Danish Muhammad Cartoonist Kurt Westergaard
He was convicted of attempted terrorism and attempted murder.
A court on Thursday convicted a 29-year-old Somali man of attempted terrorism and attempted murder for attacking a Danish cartoonist who caricatured the Prophet Mohammed.
The court in the central Danish town of Aarhus ruled that Mohamed Geele not only tried to kill Kurt Westergaard when he broke into his home on January 1, 2010, wielding an axe and a knife, but that the attack also amounted to an act of terrorism.
“The court deems that the attempted murder of Kurt Westergaard in his own home, (of the man who) personifies the Mohammed cartoon affair, must be considered as an attempt to instil a heightened level of fear in the population and to destabilise the structures of society,” which falls under the Danish anti-terrorism law, judge Ingrid Thorsboe told the court.
The verdict was reached by a unanimous jury, she added
Westergaard, 75, had testified during last month’s trial that Geele rushed in screaming “You must die! You are going to Hell!”, forcing the cartoonist to escape “certain death” by rushing into a bathroom-turned-panic-room to call police.
The Somali had threatened police with his axe and knife before being shot twice and placed under arrest.
Geele insisted during the trial he was only trying to scare the cartoonist.
Now, this moron can rot in prison for the rest of his life. He will be sentenced tomorrow.
“I am an old, peaceful man and I am not vindictive but I am very satisfied,” Westergaard told The Associated Press. “I’ve never been in doubt that he was a terrorist who wanted to kill me. He was a holy warrior yelling and shouting as he was hammering the ax on the bathroom door.”
He could face life in prison, although such sentences are generally reduced to 16 years under Danish law. Prosecutors earlier had demanded that the defendant is (be) expelled from Denmark after serving the sentence.
Danish Muhammad Cartoonist Kurt Westergaard Calls Attacker Mohamed Geele a “Madman” and a “Cowardly Liar”
Danish Muhammad Cartoonist Kurt Westergaard’s Atacker, Mohamed Geele Goes on Trial
Danish Cartoonist Kurt Westergaard to Face His Attacker in Court
The Muhammad Cartoon Archive
Danish Muhammad Cartoonist Kurt Westergaard
You remember the story about the axe-wielding Somali who busted into Westergarrd’s home.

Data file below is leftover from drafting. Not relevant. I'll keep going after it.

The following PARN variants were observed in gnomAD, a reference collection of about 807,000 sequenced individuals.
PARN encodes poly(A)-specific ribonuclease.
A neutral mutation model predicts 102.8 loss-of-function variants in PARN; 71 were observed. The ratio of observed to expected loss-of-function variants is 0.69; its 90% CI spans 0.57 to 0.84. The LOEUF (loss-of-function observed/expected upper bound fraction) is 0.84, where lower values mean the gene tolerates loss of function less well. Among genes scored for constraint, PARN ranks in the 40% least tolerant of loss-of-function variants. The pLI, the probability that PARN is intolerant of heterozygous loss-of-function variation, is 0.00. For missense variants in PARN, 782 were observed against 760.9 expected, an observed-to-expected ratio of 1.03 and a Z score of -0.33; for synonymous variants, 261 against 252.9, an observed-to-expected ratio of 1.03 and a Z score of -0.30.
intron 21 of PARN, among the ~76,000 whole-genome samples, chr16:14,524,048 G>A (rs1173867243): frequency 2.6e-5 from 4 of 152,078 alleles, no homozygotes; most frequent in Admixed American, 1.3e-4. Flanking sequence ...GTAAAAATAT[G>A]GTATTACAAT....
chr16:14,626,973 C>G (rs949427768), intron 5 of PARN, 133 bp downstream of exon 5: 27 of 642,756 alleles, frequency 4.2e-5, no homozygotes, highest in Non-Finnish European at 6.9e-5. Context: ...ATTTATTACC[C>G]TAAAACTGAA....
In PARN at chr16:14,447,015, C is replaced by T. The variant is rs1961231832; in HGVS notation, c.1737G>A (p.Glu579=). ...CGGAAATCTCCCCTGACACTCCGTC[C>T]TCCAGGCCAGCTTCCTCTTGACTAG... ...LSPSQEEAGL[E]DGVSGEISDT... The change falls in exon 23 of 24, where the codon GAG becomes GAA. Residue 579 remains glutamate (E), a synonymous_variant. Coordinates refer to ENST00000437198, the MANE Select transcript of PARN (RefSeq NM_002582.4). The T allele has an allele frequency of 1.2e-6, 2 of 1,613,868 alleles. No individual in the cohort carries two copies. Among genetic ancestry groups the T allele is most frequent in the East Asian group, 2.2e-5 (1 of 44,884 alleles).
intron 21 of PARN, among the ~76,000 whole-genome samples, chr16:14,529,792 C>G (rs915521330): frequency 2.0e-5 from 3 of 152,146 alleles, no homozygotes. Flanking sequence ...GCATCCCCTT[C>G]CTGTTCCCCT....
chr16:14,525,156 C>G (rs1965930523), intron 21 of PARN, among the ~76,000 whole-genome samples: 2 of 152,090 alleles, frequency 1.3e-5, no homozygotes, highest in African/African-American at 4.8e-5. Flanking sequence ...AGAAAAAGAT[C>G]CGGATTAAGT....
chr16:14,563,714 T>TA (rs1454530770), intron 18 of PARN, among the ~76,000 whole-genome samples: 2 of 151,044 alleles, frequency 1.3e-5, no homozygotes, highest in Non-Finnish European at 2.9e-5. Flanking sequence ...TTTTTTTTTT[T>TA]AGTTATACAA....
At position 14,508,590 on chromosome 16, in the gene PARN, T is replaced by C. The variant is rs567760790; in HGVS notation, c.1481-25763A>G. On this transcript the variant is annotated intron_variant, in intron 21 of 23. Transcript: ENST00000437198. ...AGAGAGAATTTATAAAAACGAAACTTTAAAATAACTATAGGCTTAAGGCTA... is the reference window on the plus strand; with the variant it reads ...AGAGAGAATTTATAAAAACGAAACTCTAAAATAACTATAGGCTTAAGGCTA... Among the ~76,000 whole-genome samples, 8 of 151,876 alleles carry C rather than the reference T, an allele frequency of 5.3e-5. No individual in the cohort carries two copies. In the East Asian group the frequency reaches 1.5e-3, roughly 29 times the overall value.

Danish police intelligence said they believed the “attempted assassination … is terror related” and accused the man, who was not named, of having links with Somalia’s al-Shabaab militant group as well as al Qaeda militants.
The cartoonist, 74, pushed a panic button, fled to a safe room and was unhurt when police arrived. His grand-daughter was in the house during the attack. Police could not confirm reports he had tried to break down the safe room door with the axe.
Westergaard, who in 2005 depicted Prophet Mohammad with a bomb in his turban, has been under police protection since his caricatures of the Prophet led to death threats.
The Somali man appeared in court on a stretcher with a hand and leg in plaster casts due to gunshot wounds from a police officer who had narrowly dodged the axe thrown at him by the intruder who was trying to evade arrest, police said.
The accused did not speak in court, but denied the charges through his lawyer.
The Security and Intelligence Service PET, a department of the national police, said in a statement: “It is PET’s impression that the attempted assassination of the cartoonist Kurt Westergaard is terror related.”
The man, the PET said, “has close relations to the Somali terror organization al-Shabaab and al Qaeda leaders in East Africa, and he is also suspected of having been involved in terror-related activities during his stay in East Africa.”
It also accused him of involvement in a terror-related network with links to Denmark, where he has a residence permit.
Well, this week the 75 year old cartoonist will face the Somali terrorist who attempted to murder him on New Years Day in 2010 – a year ago.
Westergaard and his granddaughter were unharmed.
“I got away. But he’s the real victim, who is likely going to sit behind bars for quite a while and will have enough time to think through what happened,” Westergaard told AP this week about the intruder, a 29-year-old Somali man charged with terrorism and attempted murder.
The defendant, who cannot be named under a court order, denies the charges, his lawyer Niels Christian Straus said. He declined to say what his client was doing at Westergaard’s house, saying he’ll explain it as the trial begins at the city court in Aarhus, Denmark’s second largest city.
If convicted of terror, the defendant could face life in prison, although such sentences are generally reduced to 16 years under Danish law.
Westergaard’s security was ramped up even further after the break-in. Police temporarily moved him and his wife from their house in Aarhus. He’s now permanently escorted by earpiece-wearing bodyguards from PET, the Danish security service.
They are sure to accompany him to the court hearings, which are expected to draw large crowds. Westergaard is scheduled to testify on Thursday.
He said he was glad that the trial was finally getting started, so he could get on with his life, even though the infamous cartoon will forever be a part of it.
“The drawing will follow me into my retirement home and later to my tomb,” Westergaard said.